Front Public Health


. 2023 Feb 14;11:1106336.
doi: 10.3389/fpubh.2023.1106336. eCollection 2023.
Association of ambient carbon monoxide exposure with hospitalization risk for respiratory diseases: A time series study in Ganzhou, China


Jiahao Song 1 2 , Weihong Qiu 1 2 , Xuezan Huang 1 2 , You Guo 3 4 5 , Weihong Chen 1 2 , Dongming Wang 1 2 , Xiaokang Zhang 3 4 5



Affiliations

Abstract

Background: Ambient carbon monoxide (CO) exposure is associated with increased mortality and hospitalization risk for total respiratory diseases. However, evidence on the risk of hospitalization for specific respiratory diseases from ambient CO exposure is limited.
Methods: Data on daily hospitalizations for respiratory diseases, air pollutants, and meteorological factors from January 2016 to December 2020 were collected in Ganzhou, China. A generalized additive model with the quasi-Poisson link and lag structures was used to estimate the associations between ambient CO concentration and hospitalizations of total respiratory diseases, asthma, chronic obstructive pulmonary disease (COPD), upper respiratory tract infection (URTI), lower respiratory tract infection (LRTI), and influenza-pneumonia. Possible confounding co-pollutants and effect modification by gender, age, and season were considered.
Results: A total of 72,430 hospitalized cases of respiratory diseases were recorded. Significant positive exposure-response relationships were observed between ambient CO exposure and hospitalization risk from respiratory diseases. For each 1 mg/m3 increase in CO concentration (lag0-2), hospitalizations for total respiratory diseases, asthma, COPD, LRTI, and influenza-pneumonia increased by 13.56 (95% CI: 6.76%, 20.79%), 17.74 (95% CI: 1.34%, 36.8%), 12.45 (95% CI: 2.91%, 22.87%), 41.25 (95% CI: 18.19%, 68.81%), and 13.5% (95% CI: 3.41%, 24.56%), respectively. In addition, the associations of ambient CO with hospitalizations for total respiratory diseases and influenza-pneumonia were stronger during the warm season, while women were more susceptible to ambient CO exposure-associated hospitalizations for asthma and LRTI (all P < 0.05).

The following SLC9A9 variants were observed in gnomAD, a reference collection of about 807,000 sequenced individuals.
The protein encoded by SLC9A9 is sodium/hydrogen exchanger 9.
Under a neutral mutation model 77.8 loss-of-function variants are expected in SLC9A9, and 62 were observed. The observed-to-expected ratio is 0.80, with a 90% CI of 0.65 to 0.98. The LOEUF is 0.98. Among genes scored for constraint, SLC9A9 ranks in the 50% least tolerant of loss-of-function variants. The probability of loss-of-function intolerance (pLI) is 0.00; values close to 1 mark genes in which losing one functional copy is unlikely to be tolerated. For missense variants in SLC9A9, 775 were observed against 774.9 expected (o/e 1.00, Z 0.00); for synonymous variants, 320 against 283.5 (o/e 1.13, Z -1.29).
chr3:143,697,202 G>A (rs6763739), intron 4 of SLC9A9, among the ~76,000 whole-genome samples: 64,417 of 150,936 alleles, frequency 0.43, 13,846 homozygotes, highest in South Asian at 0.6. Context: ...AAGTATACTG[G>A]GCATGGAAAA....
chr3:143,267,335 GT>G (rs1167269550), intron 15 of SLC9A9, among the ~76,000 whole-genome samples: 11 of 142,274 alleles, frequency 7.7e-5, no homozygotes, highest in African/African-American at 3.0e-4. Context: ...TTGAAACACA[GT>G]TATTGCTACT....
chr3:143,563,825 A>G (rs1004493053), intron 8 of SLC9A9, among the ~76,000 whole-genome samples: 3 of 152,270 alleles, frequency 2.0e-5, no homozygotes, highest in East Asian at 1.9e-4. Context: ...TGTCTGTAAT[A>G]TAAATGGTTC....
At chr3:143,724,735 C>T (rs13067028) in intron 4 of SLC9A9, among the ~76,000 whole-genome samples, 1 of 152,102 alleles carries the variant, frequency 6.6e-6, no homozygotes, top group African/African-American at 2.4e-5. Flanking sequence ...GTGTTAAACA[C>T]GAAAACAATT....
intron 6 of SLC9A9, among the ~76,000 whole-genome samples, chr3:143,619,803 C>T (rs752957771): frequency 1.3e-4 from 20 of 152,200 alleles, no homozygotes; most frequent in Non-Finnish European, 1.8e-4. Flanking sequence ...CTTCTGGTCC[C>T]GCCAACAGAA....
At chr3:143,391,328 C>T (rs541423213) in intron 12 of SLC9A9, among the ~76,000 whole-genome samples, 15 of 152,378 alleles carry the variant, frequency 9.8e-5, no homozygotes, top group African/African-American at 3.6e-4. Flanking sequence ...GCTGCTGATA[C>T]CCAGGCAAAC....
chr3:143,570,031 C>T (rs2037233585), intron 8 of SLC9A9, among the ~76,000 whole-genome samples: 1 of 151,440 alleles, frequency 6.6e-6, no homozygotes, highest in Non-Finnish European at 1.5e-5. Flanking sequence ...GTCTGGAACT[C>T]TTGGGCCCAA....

Conclusion: In brief, significant positive exposure-response relationships were found between ambient CO exposure and hospitalization risk for total respiratory diseases, asthma, COPD, LRTI, and influenza-pneumonia. Effect modification by season and gender was found in ambient CO exposure-associated respiratory hospitalizations.

Keywords: air pollution; carbon monoxide; hospitalizations; respiratory diseases; respiratory tract infection (RTI); time series study.